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GloFish are tropical freshwater swimmers that carry fluorescence genes from sea coral and sea anemones. Under the proper lighting, the zebrafish glow.

Biotechnology reinvents animal bodies

Scientists have found ways to control animals such as cyborg cockroaches.

– I have seen the future of animals, and it is glowing. Literally.

Three years ago, I set out to explore the world of animal biotechnology, to see just how scientists were using advances in genetics, electronics and materials science to re-engineer and reinvent animal bodies.

I discovered that researchers were genetically engineering cats – and monkeys and mice – that glowed electric green under a black light. They were cloning pets, livestock and endangered species. And they were using neural implants to create remote-controlled, cyborg critters.

That wasn’t entirely shocking; biotechnology moves fast, and scientists are capable of dreaming up, and then achieving, remarkable things. What did take me by surprise, however, was how many of these sci-fi, futuristic critters have already made their way out of the laboratory and into our farms, fields and families.

For instance, as I describe in my new book “Frankenstein’s Cat,” biologists have spent a lot of time playing around with fluorescence genes. These genes, which are naturally present in a variety of marine organisms – including certain species of jellyfish, sea anemones and coral – code for proteins that give off dazzling colors in certain lighting conditions. For years, scientists have been experimenting with transferring these fluorescence genes into all sorts of critters, creating neon cats, dogs, pigs and more.

Now, even us non-scientists can own one of these strange creatures. In 2004, a company called Yorktown Technologies began selling GloFish in pet stores across the country. The fish are zebrafish – tropical freshwater swimmers that are normally simply black and white – that carry fluorescence genes from sea coral and sea anemones.

As a result, the fish come in a radiant rainbow of colors, glowing red, orange, green, blue or purple under an ultraviolet light. The fish are widely available – they’re sold at Petco, as you might expect, but also at Wal-Mart – and cost $5 or $6 a piece, which means that nearly anyone who wants to can bring home a high-tech pet.

People with more money to burn – say, $100,000 – can acquire a clone of a beloved animal. A handful of these DNA doubles already live among us, including Little Nicky, a clone of a Maine Coon cat named Nicky, and Lancelot Encore, a duplicate of a yellow Lab named (what else?) Lancelot. And every year, hundreds of cloned farm animals – mostly cows – are born in the United States, to relatively little fanfare.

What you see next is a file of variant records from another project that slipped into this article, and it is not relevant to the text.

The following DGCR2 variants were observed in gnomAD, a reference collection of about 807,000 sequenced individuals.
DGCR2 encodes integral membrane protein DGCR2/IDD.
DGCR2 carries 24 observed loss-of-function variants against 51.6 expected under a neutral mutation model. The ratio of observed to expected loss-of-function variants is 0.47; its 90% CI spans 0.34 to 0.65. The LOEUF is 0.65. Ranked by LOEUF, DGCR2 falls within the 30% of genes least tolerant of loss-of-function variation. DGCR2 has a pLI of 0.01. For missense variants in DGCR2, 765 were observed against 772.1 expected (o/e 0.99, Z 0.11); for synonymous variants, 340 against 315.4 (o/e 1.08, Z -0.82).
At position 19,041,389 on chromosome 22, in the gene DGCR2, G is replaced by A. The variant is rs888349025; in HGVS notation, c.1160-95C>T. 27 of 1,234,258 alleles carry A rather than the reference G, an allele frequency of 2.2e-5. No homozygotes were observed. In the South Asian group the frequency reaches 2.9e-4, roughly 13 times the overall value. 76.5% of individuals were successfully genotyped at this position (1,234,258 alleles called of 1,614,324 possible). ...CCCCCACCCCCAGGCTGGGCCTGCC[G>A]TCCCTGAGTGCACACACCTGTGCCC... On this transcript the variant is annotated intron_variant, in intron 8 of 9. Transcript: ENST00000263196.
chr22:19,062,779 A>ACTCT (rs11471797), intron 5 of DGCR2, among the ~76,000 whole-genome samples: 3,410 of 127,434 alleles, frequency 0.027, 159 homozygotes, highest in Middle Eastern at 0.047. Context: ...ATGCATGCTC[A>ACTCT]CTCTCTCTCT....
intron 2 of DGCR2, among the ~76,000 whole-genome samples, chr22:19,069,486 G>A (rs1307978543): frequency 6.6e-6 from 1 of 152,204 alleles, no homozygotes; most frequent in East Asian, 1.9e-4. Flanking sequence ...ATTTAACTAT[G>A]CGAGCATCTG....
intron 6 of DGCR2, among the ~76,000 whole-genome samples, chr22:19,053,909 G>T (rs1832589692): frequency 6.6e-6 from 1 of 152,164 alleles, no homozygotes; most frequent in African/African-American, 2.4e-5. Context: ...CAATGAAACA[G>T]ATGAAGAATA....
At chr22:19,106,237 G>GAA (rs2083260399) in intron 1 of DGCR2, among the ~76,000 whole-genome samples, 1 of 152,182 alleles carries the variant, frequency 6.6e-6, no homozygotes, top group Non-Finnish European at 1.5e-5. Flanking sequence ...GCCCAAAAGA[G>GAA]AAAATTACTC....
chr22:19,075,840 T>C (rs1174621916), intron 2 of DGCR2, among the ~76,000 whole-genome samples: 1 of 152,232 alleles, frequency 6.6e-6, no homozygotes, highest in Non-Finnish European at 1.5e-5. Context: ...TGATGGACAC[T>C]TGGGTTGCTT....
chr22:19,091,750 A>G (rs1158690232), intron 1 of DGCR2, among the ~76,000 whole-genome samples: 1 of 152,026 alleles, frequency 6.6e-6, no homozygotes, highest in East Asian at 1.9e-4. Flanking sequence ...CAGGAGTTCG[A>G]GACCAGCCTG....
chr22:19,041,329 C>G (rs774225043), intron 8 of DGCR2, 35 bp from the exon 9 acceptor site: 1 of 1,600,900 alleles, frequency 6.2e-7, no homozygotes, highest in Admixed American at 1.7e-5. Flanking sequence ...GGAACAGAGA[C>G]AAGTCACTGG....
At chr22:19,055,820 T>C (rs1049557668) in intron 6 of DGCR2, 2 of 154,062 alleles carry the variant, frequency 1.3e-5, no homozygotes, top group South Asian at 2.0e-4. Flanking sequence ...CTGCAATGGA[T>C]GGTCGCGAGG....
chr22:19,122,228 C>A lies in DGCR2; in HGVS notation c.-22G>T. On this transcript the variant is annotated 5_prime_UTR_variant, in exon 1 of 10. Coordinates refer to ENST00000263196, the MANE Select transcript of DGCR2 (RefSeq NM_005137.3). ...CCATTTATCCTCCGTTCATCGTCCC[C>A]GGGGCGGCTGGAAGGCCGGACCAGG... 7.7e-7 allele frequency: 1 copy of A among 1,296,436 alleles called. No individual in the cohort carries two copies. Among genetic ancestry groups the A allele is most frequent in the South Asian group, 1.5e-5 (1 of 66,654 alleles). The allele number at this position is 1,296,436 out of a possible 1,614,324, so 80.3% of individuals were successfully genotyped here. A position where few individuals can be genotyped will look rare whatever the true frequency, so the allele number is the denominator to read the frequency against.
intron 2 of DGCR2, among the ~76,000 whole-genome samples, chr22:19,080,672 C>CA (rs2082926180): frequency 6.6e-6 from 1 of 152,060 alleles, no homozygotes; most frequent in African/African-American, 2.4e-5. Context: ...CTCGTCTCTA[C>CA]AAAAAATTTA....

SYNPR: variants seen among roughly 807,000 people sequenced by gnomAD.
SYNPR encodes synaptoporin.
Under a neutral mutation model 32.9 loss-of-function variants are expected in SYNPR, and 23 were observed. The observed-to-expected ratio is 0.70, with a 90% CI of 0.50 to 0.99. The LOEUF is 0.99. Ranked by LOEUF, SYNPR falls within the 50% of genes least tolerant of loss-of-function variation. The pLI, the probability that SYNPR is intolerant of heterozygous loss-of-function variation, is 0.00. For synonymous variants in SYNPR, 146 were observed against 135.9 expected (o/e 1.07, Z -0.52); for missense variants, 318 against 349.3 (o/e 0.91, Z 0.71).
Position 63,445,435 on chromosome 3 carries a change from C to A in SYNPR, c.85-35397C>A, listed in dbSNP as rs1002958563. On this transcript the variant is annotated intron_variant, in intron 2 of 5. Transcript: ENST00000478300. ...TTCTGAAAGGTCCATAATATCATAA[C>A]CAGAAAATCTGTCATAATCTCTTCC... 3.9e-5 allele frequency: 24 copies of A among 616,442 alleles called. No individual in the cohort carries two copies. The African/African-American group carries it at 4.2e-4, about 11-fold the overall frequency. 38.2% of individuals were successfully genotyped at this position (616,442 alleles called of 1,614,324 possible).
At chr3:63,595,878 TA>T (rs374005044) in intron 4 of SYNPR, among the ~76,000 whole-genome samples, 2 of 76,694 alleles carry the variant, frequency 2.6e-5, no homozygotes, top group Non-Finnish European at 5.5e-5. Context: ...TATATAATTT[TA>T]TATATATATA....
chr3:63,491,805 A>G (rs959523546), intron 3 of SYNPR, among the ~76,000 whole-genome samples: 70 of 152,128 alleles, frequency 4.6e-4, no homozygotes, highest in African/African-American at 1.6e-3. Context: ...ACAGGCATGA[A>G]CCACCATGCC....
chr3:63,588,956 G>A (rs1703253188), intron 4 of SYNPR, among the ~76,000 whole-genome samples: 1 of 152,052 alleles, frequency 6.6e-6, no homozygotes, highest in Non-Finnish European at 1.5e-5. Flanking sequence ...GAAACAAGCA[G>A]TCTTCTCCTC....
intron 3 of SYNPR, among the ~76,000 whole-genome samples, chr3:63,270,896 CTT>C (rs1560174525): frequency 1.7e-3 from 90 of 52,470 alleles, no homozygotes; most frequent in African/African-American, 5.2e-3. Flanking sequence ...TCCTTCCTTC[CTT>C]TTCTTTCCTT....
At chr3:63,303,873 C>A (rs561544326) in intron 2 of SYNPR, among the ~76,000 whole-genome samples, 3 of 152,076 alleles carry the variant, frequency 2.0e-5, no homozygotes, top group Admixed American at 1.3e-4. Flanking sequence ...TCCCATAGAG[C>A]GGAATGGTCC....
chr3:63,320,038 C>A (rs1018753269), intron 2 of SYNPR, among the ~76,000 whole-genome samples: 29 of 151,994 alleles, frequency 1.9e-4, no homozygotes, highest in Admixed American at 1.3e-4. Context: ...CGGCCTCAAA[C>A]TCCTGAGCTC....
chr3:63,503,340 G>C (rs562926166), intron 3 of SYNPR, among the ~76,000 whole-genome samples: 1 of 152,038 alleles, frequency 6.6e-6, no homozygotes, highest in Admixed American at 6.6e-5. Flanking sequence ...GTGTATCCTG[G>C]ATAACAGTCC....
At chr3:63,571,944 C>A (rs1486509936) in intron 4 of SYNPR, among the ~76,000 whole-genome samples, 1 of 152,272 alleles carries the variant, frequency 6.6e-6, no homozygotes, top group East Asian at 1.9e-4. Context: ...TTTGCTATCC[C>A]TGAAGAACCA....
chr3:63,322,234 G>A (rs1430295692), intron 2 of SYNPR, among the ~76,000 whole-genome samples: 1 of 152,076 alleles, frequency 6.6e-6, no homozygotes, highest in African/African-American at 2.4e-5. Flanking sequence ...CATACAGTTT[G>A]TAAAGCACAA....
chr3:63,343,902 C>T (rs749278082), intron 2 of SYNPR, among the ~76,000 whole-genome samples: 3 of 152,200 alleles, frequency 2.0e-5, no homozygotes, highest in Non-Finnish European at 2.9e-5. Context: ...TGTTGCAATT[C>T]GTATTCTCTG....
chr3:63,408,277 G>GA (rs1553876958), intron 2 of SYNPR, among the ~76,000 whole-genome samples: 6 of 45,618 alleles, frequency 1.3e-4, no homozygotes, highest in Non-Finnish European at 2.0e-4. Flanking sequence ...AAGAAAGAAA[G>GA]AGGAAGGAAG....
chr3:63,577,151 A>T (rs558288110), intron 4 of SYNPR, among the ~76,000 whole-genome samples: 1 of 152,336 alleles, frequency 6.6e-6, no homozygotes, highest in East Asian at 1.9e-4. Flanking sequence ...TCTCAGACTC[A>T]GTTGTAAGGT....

Clones could even be coming to the Olympics; last year, the international body that governs equestrian competitions lifted its ban on cloned equines.

Thanks to the work of a few pioneering veterinarians, when our pets’ bodies begin to fail, we can give them bionic upgrades. Consider Coal, an American bulldog who developed a tumor in his front paw. Many dogs with similar afflictions simply have their legs amputated and learn to adjust to life as three-limbed canines. But Coal was arthritic and really benefited from the support of a fourth leg, so a British veterinarian named Noel Fitzpatrick built him a bionic one.

Fitzpatrick gave Coal an “osseointegrated” prosthesis, permanently implanting one end of a titanium rod inside what remained of Coal’s leg bone. The other end of the rod protruded from the dog’s stump and could be affixed to a removable artificial paw.

Coal did well on his new leg, and he wasn’t alone. Fitzpatrick has given some two dozen animals the same kind of osseointegrated prosthesis, and an American vet has built similar devices for two cats and six dogs. Prosthetists have also built an artificial tail for a dolphin, a beak for a bald eagle and legs for sandhill cranes.

Even the most sci-fi of techniques are trickling out to the public. Advances in electronics have given us the ability to hijack animal bodies and brains, taking control of another creature’s movements and behaviors. Predictably, much of this work has been done in official, university labs: Engineers and neuroscientists at the University of California-Berkeley, Cornell and the State University of New York Downstate have created remote-controlled, cyborg beetles, moths and rats, respectively.

But these sophisticated tools of mind control are also now available to the general public. A company called Backyard Brains sells a RoboRoach kit for $100; anyone who buys the kit online can make their very own steerable, cyborg cockroaches.

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